Massage Therapy Beneficial for Children with Autism

Parents of children with autism are always seeking ways to enhance the quality of
life for their children and massage therapy is becoming an increasingly popular
way of doing so. 

One would think that a child with autism, who is commonly averse to touch, would find massage therapy intolerable. However, a massage therapist who works with children
are usually skilled at introducing touch and slowly building tolerance for it. Massage therapists know that it’s the light touch that is so aversive to these
children and they actual tolerate deep massages quite well.

The health benefits of massages are well-documented to the point where they are covered by many insurance companies and prescribed as supplemental therapy by some medical doctors.
Biochemically, body massages release serotonin, a neurotransmitting chemical known for giving a sense of well-being and
happiness. Conversely, abnormal serotonin synthesis is said to be linked to autism.

The Touch Research Institute of Miami has conducted several studies on the effect of massage therapy for children on the autism
spectrum and their results confirm what is anecdotally acknowledged – massage therapy can be of great benefit to children on the spectrum.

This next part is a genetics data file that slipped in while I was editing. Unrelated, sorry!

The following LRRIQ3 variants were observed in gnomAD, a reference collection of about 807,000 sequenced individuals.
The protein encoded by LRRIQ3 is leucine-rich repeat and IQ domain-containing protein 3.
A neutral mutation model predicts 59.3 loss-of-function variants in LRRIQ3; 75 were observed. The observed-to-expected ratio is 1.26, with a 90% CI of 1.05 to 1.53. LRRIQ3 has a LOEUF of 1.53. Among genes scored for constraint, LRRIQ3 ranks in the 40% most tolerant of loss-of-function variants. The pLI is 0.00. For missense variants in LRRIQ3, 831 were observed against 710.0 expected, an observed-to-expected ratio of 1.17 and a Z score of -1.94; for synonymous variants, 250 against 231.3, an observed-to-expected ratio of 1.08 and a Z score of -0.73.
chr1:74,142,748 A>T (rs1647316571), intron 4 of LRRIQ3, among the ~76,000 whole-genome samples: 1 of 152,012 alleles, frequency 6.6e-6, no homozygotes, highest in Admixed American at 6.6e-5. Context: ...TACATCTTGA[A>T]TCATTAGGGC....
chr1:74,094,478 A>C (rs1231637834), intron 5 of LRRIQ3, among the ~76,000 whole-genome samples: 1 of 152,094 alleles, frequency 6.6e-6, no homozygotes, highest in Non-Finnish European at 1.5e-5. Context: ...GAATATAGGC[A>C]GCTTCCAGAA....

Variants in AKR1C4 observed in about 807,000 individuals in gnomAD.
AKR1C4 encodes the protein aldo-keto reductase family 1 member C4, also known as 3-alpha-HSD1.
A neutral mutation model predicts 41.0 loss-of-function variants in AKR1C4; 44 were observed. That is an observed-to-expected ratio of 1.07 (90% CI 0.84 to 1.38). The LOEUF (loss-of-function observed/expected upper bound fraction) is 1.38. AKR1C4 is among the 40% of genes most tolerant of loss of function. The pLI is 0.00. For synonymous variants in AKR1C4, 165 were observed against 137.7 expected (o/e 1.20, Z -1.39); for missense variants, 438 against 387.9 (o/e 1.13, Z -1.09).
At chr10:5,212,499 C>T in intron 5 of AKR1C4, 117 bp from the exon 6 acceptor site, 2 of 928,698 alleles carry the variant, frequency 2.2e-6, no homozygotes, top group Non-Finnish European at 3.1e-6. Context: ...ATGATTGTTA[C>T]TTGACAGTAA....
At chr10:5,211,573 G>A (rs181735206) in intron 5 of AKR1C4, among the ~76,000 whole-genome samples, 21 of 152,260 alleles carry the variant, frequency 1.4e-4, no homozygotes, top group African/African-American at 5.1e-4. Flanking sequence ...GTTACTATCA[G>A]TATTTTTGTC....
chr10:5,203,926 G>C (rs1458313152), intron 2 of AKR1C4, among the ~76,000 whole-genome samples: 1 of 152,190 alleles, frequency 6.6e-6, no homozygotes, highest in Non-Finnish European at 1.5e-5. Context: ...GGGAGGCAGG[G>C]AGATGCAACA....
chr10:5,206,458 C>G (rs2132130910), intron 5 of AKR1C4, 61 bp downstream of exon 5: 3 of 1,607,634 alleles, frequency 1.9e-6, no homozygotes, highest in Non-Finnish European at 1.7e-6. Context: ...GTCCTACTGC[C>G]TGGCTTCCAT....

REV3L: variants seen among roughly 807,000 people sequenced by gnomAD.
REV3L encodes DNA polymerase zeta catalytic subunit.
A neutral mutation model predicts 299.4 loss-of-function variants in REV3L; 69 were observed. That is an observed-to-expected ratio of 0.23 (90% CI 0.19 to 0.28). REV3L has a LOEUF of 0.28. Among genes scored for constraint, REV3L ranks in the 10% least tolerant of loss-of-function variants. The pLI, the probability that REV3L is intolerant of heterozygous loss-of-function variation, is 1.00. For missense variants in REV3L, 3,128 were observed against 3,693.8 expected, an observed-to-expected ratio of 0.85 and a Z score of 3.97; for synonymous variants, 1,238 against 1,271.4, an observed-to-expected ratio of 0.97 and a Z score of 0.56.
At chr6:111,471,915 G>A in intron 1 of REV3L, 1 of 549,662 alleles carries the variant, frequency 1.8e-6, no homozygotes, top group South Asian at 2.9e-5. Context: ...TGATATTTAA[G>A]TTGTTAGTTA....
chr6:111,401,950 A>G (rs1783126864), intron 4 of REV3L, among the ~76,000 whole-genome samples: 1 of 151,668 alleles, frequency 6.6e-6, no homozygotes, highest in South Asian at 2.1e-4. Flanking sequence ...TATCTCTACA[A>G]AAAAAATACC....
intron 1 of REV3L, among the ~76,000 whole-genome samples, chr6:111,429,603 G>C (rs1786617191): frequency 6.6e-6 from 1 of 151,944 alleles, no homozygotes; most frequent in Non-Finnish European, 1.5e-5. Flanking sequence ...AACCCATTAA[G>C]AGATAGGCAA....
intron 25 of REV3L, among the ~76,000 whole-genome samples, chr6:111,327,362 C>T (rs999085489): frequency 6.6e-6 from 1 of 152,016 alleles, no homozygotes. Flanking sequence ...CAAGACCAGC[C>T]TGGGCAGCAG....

In one particularly interesting study, twenty children with autism ranging in age from 3 to 6 years were randomly assigned to massage therapy and reading attention control groups. Parents in the massage therapy group were trained by a massage therapist to massage their children for 15 minutes prior to bedtime every night for one month, while the parents of the attention control group read Dr. Seuss stories to their children on the same time schedule. Results showed that
the children in the massage group stayed on task better at school and showed more social relatedness during playtime observations.
Parents also reported that their children were more responsive to verbal cues, had an easier time with daily tasks, slept
better and were generally calmer. 

Most poignantly, these children were more receptive to their parent’s touch and even initiated affection themselves. Scientists used to believe children with autism couldn’t bond with their parents.
This theory has since been discarded and children with autism do indeed bond with
parents, but sometimes just cannot show it. It is very encouraging to know that massages
create a new avenue of expression and help bridge the worlds between a parent and child.

As always in examining alternative choices, consider them as ways to augment and enhance established medical protocols, not replace them. 

When my son with autism was finally released from the hospital after battling Crohn’s, massage therapy was instrumental in him regaining his health and vitality. Doctors were amazed at his progress at his first follow-up visit, proclaiming that he “looked and felt like a different
person." I credit massage therapy with providing a boost of energy to his recovery. His cheeks were rosy, his eyes bright and his spirit was calm.
Best of all, there was no risk and no gimmicks — just the ancient art of human touch.